Posts Tagged ‘The Meters’
Why fuse rare breaks, hip-hop, early 70’s Soul and Jazz with roots reggae?
“Because nobody else has done it!” as musician, writer and producer Michael Hunter aka Butch Cassidy Sound System (formerly also known as Pablo) says. And he solved the problem of modern roots reggae with this release. Why? In my eyes there are a lot of fine roots reggae bands, but only a very few are performing a modern version of it (i.e. Groundation, who add a jazzy touch), most are boring retro groups. BCSS from Glasgow breaks out of the retro limitations and the results are pretty amazing. Look out for Michael’s diverse production, showing us why the Butch Cassidy project is far more than just reggae. There is soul, funk, r&b, hip-hop and house all on show. Despite the main reference for the album being a firm focus on 70’s reggae, Michael takes the individual tracks in very different directions, but the album in general veers far more towards classic dub reggae than new age fusion. That´s no surprise, because for the recording of this project, Michael collected together all the vintage instruments, compressors and effects. He also mastered the album from two inch tape, to achieve the authenticity of sound he wanted, and to create, a perfect mix of funk and reggae. And you have to hear the dub version of The Meters´ “cissy strutt”, which will keep most dance floors jumping.
“Joe who?” I had to ask the guy from the record shop twice, whose record was playing and finally he wrote it down for me. I never heard of this musician before, but the song “confusion” – which was played in the store, sadly only one song from a compilation – bumped around my mind until this day and soon I found some more stuff from this jazz guitarist, named “Boogaloo” in order to distinguish him from other jazz artists of the time. From the slow groove to blues influence, “Boogaloo” has it all, one of the grooviest jazz guitarists and highly recommend, sadly he never got the recognition he deserves in his lifetime until today. This rare gem came out after he recorded a number of sides for Prestige Records (i.e. with Willis Jackson and Richard “Groove” Holmes) , in 1975, on the tiny Joka label, and never really got into proper circulation at the time -making it one of the indie jazz funk classics of the 70s. His sound and style clearly derived from the blues. But it was a solid understanding of rock that Jones brought to his style of jazz and he really excelled in the jazz-funk groove and proved himself a first-rate blues player. None of his albums are groundbreaking or marked by individual achievements. But today his songs are discovered and celebrated from the club crowd as the cornerstone of “acid jazz.” “Boogaloo Joe” settles his greasy, quick-picking style into a bass-drums-keyboards-sax format, groovy stuff for the dancefloor. As already said, nothing gorundbreaking, but if you like to move your hips to Grant Green, The Meters or The Greyboy Allstars, this is a must-have, inluding a cover of Stevie Wonder’s “You Got it Bad, Girl”.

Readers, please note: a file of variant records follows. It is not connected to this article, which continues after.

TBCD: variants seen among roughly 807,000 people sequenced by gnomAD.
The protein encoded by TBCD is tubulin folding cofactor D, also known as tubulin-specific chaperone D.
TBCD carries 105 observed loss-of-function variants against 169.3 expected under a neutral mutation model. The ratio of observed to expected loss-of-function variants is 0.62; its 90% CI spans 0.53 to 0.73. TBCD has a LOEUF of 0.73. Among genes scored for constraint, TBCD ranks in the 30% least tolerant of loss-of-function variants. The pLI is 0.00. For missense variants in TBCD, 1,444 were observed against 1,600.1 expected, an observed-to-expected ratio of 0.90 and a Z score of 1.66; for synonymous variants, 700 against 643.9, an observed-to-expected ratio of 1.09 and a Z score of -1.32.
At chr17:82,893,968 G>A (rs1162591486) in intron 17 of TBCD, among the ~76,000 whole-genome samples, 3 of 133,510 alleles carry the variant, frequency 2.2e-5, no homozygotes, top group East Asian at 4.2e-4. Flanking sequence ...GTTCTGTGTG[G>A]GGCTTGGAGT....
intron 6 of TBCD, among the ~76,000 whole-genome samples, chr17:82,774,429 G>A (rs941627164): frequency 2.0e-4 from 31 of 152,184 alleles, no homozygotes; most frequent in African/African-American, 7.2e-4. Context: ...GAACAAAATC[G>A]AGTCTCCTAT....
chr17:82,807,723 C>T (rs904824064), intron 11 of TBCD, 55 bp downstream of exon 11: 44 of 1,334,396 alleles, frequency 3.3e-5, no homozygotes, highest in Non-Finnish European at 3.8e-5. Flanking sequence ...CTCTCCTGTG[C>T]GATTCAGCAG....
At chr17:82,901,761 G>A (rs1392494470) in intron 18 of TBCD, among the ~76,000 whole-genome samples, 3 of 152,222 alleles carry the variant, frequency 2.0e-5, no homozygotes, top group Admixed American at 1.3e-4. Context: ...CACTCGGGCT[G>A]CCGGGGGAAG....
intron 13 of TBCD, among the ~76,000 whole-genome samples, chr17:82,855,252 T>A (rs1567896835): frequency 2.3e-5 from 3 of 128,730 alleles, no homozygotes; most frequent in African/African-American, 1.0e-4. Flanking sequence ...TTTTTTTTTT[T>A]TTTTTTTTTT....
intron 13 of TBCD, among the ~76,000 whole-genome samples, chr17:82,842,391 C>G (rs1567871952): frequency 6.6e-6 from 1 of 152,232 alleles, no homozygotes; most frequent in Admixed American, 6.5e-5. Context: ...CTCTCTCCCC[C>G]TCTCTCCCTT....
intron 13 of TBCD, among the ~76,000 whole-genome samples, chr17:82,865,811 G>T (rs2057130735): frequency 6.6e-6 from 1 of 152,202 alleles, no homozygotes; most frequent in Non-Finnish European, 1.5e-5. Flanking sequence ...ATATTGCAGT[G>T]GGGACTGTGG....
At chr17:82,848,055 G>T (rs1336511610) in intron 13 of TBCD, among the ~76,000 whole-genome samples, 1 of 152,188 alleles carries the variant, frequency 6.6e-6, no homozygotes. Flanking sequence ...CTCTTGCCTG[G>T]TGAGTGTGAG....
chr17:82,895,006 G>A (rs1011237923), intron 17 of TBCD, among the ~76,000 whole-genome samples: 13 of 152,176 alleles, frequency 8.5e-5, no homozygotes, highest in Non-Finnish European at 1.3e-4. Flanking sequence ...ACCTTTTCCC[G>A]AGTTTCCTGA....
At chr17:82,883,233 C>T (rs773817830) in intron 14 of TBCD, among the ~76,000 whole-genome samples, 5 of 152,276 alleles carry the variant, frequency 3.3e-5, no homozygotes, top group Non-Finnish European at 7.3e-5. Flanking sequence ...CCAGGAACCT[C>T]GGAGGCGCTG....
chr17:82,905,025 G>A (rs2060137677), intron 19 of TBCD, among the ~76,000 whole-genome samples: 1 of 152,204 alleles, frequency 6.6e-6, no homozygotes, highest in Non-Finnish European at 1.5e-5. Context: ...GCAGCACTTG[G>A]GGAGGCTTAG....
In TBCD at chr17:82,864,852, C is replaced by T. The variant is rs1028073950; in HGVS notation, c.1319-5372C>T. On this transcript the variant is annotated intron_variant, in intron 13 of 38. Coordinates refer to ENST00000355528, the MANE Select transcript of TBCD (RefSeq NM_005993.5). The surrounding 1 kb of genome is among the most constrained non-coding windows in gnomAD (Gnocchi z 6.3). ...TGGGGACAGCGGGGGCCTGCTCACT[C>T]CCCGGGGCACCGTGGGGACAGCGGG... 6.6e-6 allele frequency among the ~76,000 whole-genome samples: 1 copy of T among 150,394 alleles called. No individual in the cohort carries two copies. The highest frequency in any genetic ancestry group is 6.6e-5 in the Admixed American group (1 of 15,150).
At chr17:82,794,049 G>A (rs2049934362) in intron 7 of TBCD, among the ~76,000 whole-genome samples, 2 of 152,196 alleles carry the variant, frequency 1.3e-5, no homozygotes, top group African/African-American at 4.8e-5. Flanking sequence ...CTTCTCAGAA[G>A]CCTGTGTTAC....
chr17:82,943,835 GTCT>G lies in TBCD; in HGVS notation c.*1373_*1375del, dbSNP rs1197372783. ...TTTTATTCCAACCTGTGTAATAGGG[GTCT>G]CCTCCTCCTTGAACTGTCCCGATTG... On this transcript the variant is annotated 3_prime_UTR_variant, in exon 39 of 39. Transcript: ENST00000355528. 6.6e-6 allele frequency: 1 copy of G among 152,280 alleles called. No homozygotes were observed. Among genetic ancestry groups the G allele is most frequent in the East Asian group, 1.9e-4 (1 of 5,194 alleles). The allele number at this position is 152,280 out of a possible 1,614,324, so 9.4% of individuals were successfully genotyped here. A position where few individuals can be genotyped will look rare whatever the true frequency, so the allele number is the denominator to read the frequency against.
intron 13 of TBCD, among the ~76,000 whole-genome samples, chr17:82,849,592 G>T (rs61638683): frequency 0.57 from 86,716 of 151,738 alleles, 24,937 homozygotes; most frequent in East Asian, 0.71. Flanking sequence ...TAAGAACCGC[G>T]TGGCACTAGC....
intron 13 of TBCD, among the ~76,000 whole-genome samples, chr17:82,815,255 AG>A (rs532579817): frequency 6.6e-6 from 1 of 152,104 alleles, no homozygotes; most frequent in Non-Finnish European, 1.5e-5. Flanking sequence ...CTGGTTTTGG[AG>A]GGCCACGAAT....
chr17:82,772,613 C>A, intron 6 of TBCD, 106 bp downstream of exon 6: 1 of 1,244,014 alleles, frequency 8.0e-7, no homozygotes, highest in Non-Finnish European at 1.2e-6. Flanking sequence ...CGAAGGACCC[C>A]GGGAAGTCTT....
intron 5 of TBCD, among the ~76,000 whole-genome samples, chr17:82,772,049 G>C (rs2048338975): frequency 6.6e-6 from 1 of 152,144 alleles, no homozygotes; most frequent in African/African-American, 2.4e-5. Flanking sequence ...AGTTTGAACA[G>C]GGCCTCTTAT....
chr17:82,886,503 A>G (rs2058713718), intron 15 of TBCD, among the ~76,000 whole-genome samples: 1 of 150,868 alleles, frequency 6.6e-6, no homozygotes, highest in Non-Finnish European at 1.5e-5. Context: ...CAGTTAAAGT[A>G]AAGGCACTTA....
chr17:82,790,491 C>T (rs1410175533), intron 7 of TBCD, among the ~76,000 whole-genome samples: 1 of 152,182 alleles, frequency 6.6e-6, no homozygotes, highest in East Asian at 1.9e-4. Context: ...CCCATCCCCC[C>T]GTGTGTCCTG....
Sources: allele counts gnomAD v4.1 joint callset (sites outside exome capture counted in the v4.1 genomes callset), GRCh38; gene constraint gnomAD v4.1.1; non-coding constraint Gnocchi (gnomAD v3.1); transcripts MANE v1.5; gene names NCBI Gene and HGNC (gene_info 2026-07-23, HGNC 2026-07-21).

Spaceways Inc came into existence out of a need to pay dues to the music of Sun Ra and George Clinton. Thirteen Cosmic Standards (Atavistic) was the immediate result. On its sequel, Version Soul, Chicagoan reedman Ken Vandermark and drummer Hamid Drake and Boston-based bassist Nate McBride open their hearts with a set dedicated to various heroes.
Six Vandermark compositions have explicit dedications: reggae keyboard maestro Jackie Mittoo, musical director of Coxsone Dodd’s crucial Studio One label; Serge Chaloff. One of the finest exponents in jazz of the baritone saxophone (Vandermark has now added baritone to his armoury); Larry Graham, pounding electric bassist with The Family Stone and Graham Central Station; drummer Zigaboo Modeliste, swamp-funk engine of The Meters; righteous free jazz saxophonist Frank Wright; plus painter Mark Rothko, whose meditative wavelength has harmonized with an astonishing range of musical sensibilities.
Other unidentified currents flow through this taut, vital music. McBride’s three pieces name no names but key presences are felt, not least on the concluding “AII Frequencies”, where Vandermark’s clarinet sounds like a melodica as he engineers a real time virtual encounter between King Tubby and the Upsetter in Chicago. Drake is a marvelous reggae drummer – make that a marvelous drummer, full stop. In particular, McBride (on electric bass) is outstanding, technically and emotionally. If Version Soul invites influence-spotting, you can also listen to it straight, as these three superb musicians are making music that’s incredibly alive.
By mixing funk and reggae with some old-fashioned Hard Bop and a touch of free, the saxophonist lets the listener know this is something somewhat different than usual. From the opening sluggish “Back of a Cab ” it is clear that this is anything but a high-energy session. The trio rides through a series of dedications, including the airy “Reasonable Hour (for Serge Chaloff)” the powerful “Force at a Distance (for Frank Wright) ” and the introspective “Rothko Sideways (for Mark Rothko).” There are times when it seems to drag a bit, but much of what is heard is not about impressing with power, but instead exploring a range of emotions, something which Hamid Drake and Nate McBride do particularly well. For those tired of the saxophone trio – a format that has sometimes exhausted itself – Vandermark tries partially successfully – to resurrect it as a vehicle of broadened inspiration, where the traditional functions of sound, melody, and rhythm are primary, but where limits are transcended.
A power trio in the truest sense of the word, Spaceways Inc. takes its riddim responsibilities quite seriously. It’s a funky job, but somebody has to do it.
(I stole several parts from reviews by Steven Loewy/Cadence & Julian Cowley/The Wire)